“From the outset of this project we knew we were shooting for the moon,” recalled Wallace, now Vice President for Development at Nest Homes. She explained that quick-service dining has one of the higher energy use intensities (EUI)—or energy use per square foot—of all building types and industries in the world. The EUI for the typical fast-food restaurant is almost double that of nearly any other type of building.
“It is the biggest energy challenge we could imagine, especially when undertaken by a company that prides itself on high volume and consistent quality,” Wallace noted. “We realized that if a quick-service restaurant can achieve net-zero energy, then all buildings and industries could achieve that kind of win, too.”
Team member Ramirez Millan, now a senior strategist at DTE, reflected, “Working with McDonald’s and with my amazing MEM partners was by far one of the highlights of my time at Duke… I’m so thankful for the opportunity Steve and the McDonald’s team gave us to examine the feasibility of this kind of design. Our project only scratched the surface, so it’s very exciting to see where the McDonald’s team took it with their hard work. McDonald’s is one of the world’s most recognizable brands and their time-tested business model has survived decades of competition—if they’re moving toward more sustainable design, it’s a sure bet that other companies will, too.”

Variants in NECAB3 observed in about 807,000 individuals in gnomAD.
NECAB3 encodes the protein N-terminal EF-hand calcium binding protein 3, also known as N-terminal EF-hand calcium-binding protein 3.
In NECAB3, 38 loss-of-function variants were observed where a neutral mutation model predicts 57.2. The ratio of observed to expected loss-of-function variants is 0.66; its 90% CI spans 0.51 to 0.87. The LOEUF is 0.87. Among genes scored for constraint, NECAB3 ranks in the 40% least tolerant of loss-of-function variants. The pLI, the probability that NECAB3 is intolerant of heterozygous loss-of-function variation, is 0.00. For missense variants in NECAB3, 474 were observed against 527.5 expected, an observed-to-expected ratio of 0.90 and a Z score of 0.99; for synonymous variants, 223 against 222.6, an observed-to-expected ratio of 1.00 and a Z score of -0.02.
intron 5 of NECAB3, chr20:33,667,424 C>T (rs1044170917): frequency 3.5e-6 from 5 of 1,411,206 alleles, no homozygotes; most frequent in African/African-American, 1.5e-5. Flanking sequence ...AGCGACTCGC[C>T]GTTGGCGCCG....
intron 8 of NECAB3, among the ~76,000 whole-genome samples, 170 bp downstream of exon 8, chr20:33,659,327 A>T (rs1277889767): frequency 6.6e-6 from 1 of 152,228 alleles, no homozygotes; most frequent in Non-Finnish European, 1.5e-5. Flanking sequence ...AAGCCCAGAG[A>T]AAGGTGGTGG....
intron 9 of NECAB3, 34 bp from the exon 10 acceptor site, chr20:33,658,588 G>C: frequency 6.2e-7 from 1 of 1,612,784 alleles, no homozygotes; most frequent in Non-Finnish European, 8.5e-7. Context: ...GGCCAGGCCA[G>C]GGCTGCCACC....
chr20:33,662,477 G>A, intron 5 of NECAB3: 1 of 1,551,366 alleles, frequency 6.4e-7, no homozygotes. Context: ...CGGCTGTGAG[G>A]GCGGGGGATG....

The group’s mentor was Dr. Tim Johnson, associate dean of professional programs at the Nicholas School and chair of the energy and environment program. Johnson said, "It is always so fulfilling to see the Nicholas School Master's Projects having visible, real-world impact on industries’ and communities’ approaches to energy and environmental issues. Emily, Maria, and Lane deserve all the credit for an analysis that was easily on par with professional work. And their project certainly helped each of them land impressive positions in industry and government."